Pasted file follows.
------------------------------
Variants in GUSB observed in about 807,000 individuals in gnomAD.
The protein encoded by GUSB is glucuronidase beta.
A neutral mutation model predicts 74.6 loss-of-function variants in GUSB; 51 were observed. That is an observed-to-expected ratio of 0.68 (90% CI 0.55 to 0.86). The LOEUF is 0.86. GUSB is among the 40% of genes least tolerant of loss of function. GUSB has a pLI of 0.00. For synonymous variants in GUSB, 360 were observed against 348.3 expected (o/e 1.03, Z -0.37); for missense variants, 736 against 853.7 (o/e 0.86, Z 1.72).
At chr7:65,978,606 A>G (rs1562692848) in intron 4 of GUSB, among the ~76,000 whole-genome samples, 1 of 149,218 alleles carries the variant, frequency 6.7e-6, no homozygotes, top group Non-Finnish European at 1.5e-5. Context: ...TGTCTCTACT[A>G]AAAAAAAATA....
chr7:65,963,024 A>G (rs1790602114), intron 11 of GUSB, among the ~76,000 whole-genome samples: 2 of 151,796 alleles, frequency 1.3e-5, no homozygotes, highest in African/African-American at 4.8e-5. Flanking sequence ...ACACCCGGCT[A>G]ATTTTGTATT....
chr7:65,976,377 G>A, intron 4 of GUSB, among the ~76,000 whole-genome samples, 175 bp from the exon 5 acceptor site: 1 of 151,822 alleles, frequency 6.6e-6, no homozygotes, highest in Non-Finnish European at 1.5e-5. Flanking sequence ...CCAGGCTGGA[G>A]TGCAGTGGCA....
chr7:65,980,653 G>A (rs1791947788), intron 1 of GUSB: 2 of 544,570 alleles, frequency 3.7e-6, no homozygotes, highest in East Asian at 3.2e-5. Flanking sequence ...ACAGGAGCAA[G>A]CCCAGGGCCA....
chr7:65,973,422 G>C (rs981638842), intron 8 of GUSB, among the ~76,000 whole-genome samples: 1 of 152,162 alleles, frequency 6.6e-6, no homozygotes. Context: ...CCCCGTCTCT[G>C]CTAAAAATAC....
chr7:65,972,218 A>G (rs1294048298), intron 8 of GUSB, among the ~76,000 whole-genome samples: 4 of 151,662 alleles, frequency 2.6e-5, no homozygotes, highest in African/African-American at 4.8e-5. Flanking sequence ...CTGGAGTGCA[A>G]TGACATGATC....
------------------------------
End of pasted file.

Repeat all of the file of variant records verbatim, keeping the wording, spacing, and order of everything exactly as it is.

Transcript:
Variants in GUSB observed in about 807,000 individuals in gnomAD.
The protein encoded by GUSB is glucuronidase beta.
A neutral mutation model predicts 74.6 loss-of-function variants in GUSB; 51 were observed. That is an observed-to-expected ratio of 0.68 (90% CI 0.55 to 0.86). The LOEUF is 0.86. GUSB is among the 40% of genes least tolerant of loss of function. GUSB has a pLI of 0.00. For synonymous variants in GUSB, 360 were observed against 348.3 expected (o/e 1.03, Z -0.37); for missense variants, 736 against 853.7 (o/e 0.86, Z 1.72).
At chr7:65,978,606 A>G (rs1562692848) in intron 4 of GUSB, among the ~76,000 whole-genome samples, 1 of 149,218 alleles carries the variant, frequency 6.7e-6, no homozygotes, top group Non-Finnish European at 1.5e-5. Context: ...TGTCTCTACT[A>G]AAAAAAAATA....
chr7:65,963,024 A>G (rs1790602114), intron 11 of GUSB, among the ~76,000 whole-genome samples: 2 of 151,796 alleles, frequency 1.3e-5, no homozygotes, highest in African/African-American at 4.8e-5. Flanking sequence ...ACACCCGGCT[A>G]ATTTTGTATT....
chr7:65,976,377 G>A, intron 4 of GUSB, among the ~76,000 whole-genome samples, 175 bp from the exon 5 acceptor site: 1 of 151,822 alleles, frequency 6.6e-6, no homozygotes, highest in Non-Finnish European at 1.5e-5. Flanking sequence ...CCAGGCTGGA[G>A]TGCAGTGGCA....
chr7:65,980,653 G>A (rs1791947788), intron 1 of GUSB: 2 of 544,570 alleles, frequency 3.7e-6, no homozygotes, highest in East Asian at 3.2e-5. Flanking sequence ...ACAGGAGCAA[G>A]CCCAGGGCCA....
chr7:65,973,422 G>C (rs981638842), intron 8 of GUSB, among the ~76,000 whole-genome samples: 1 of 152,162 alleles, frequency 6.6e-6, no homozygotes. Context: ...CCCCGTCTCT[G>C]CTAAAAATAC....
chr7:65,972,218 A>G (rs1294048298), intron 8 of GUSB, among the ~76,000 whole-genome samples: 4 of 151,662 alleles, frequency 2.6e-5, no homozygotes, highest in African/African-American at 4.8e-5. Flanking sequence ...CTGGAGTGCA[A>G]TGACATGATC....